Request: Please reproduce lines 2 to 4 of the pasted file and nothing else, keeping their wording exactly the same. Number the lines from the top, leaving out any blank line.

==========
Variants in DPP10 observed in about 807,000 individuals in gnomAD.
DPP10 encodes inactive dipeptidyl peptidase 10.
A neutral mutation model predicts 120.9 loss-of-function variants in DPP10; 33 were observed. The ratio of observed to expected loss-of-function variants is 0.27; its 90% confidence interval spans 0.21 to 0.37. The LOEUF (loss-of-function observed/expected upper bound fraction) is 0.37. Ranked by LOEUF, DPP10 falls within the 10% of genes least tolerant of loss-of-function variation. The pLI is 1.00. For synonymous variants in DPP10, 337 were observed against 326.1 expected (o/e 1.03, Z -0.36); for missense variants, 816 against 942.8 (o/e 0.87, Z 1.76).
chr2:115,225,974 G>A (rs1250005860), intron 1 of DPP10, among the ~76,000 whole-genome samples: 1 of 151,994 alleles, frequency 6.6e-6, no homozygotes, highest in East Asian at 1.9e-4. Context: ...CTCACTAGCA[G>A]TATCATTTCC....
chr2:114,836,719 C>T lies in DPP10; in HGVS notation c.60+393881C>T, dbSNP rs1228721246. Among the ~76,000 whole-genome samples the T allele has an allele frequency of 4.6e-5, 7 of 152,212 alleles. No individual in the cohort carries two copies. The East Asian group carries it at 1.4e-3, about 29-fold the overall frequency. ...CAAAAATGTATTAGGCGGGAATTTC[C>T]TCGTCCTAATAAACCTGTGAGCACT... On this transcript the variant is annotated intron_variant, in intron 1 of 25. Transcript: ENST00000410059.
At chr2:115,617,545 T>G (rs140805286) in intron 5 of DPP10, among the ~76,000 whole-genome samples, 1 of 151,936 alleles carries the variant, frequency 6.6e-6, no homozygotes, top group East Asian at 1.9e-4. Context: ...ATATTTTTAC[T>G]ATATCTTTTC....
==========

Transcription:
DPP10 encodes inactive dipeptidyl peptidase 10.
A neutral mutation model predicts 120.9 loss-of-function variants in DPP10; 33 were observed. The ratio of observed to expected loss-of-function variants is 0.27; its 90% confidence interval spans 0.21 to 0.37. The LOEUF (loss-of-function observed/expected upper bound fraction) is 0.37. Ranked by LOEUF, DPP10 falls within the 10% of genes least tolerant of loss-of-function variation. The pLI is 1.00. For synonymous variants in DPP10, 337 were observed against 326.1 expected (o/e 1.03, Z -0.36); for missense variants, 816 against 942.8 (o/e 0.87, Z 1.76).
chr2:115,225,974 G>A (rs1250005860), intron 1 of DPP10, among the ~76,000 whole-genome samples: 1 of 151,994 alleles, frequency 6.6e-6, no homozygotes, highest in East Asian at 1.9e-4. Context: ...CTCACTAGCA[G>A]TATCATTTCC....